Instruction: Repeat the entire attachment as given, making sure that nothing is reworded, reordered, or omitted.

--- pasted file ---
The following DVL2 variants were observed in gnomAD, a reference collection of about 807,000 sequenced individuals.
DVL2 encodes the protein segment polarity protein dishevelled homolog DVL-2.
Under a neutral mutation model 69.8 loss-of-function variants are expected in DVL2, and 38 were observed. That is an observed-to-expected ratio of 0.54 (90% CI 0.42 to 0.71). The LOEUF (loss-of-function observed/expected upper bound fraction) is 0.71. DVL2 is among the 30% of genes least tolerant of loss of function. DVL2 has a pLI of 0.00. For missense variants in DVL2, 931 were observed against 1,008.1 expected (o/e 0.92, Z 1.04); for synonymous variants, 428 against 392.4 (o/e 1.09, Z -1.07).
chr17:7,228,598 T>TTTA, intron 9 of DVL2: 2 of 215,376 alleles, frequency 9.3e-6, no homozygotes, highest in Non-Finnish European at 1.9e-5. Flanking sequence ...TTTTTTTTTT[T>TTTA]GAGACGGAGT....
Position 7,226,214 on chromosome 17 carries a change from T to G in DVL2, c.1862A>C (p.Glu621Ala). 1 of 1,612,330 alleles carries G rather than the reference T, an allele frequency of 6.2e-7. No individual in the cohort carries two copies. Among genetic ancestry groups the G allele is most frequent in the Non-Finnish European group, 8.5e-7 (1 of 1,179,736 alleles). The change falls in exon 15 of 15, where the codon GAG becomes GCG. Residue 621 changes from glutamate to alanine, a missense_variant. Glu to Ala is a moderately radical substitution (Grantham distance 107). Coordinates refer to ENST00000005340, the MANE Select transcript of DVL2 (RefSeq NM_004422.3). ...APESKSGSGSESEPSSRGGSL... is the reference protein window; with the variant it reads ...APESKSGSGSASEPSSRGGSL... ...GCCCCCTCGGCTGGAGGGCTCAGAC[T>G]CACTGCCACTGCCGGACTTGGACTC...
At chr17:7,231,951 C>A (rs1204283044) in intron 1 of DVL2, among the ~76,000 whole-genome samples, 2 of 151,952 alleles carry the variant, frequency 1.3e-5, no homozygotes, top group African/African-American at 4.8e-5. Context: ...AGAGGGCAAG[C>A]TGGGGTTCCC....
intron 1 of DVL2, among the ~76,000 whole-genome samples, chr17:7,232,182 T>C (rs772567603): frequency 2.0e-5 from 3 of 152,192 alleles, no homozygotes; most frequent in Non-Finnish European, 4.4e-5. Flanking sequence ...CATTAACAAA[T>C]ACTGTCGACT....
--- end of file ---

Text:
The following DVL2 variants were observed in gnomAD, a reference collection of about 807,000 sequenced individuals.
DVL2 encodes the protein segment polarity protein dishevelled homolog DVL-2.
Under a neutral mutation model 69.8 loss-of-function variants are expected in DVL2, and 38 were observed. That is an observed-to-expected ratio of 0.54 (90% CI 0.42 to 0.71). The LOEUF (loss-of-function observed/expected upper bound fraction) is 0.71. DVL2 is among the 30% of genes least tolerant of loss of function. DVL2 has a pLI of 0.00. For missense variants in DVL2, 931 were observed against 1,008.1 expected (o/e 0.92, Z 1.04); for synonymous variants, 428 against 392.4 (o/e 1.09, Z -1.07).
chr17:7,228,598 T>TTTA, intron 9 of DVL2: 2 of 215,376 alleles, frequency 9.3e-6, no homozygotes, highest in Non-Finnish European at 1.9e-5. Flanking sequence ...TTTTTTTTTT[T>TTTA]GAGACGGAGT....
Position 7,226,214 on chromosome 17 carries a change from T to G in DVL2, c.1862A>C (p.Glu621Ala). 1 of 1,612,330 alleles carries G rather than the reference T, an allele frequency of 6.2e-7. No individual in the cohort carries two copies. Among genetic ancestry groups the G allele is most frequent in the Non-Finnish European group, 8.5e-7 (1 of 1,179,736 alleles). The change falls in exon 15 of 15, where the codon GAG becomes GCG. Residue 621 changes from glutamate to alanine, a missense_variant. Glu to Ala is a moderately radical substitution (Grantham distance 107). Coordinates refer to ENST00000005340, the MANE Select transcript of DVL2 (RefSeq NM_004422.3). ...APESKSGSGSESEPSSRGGSL... is the reference protein window; with the variant it reads ...APESKSGSGSASEPSSRGGSL... ...GCCCCCTCGGCTGGAGGGCTCAGAC[T>G]CACTGCCACTGCCGGACTTGGACTC...
At chr17:7,231,951 C>A (rs1204283044) in intron 1 of DVL2, among the ~76,000 whole-genome samples, 2 of 151,952 alleles carry the variant, frequency 1.3e-5, no homozygotes, top group African/African-American at 4.8e-5. Context: ...AGAGGGCAAG[C>A]TGGGGTTCCC....
intron 1 of DVL2, among the ~76,000 whole-genome samples, chr17:7,232,182 T>C (rs772567603): frequency 2.0e-5 from 3 of 152,192 alleles, no homozygotes; most frequent in Non-Finnish European, 4.4e-5. Flanking sequence ...CATTAACAAA[T>C]ACTGTCGACT....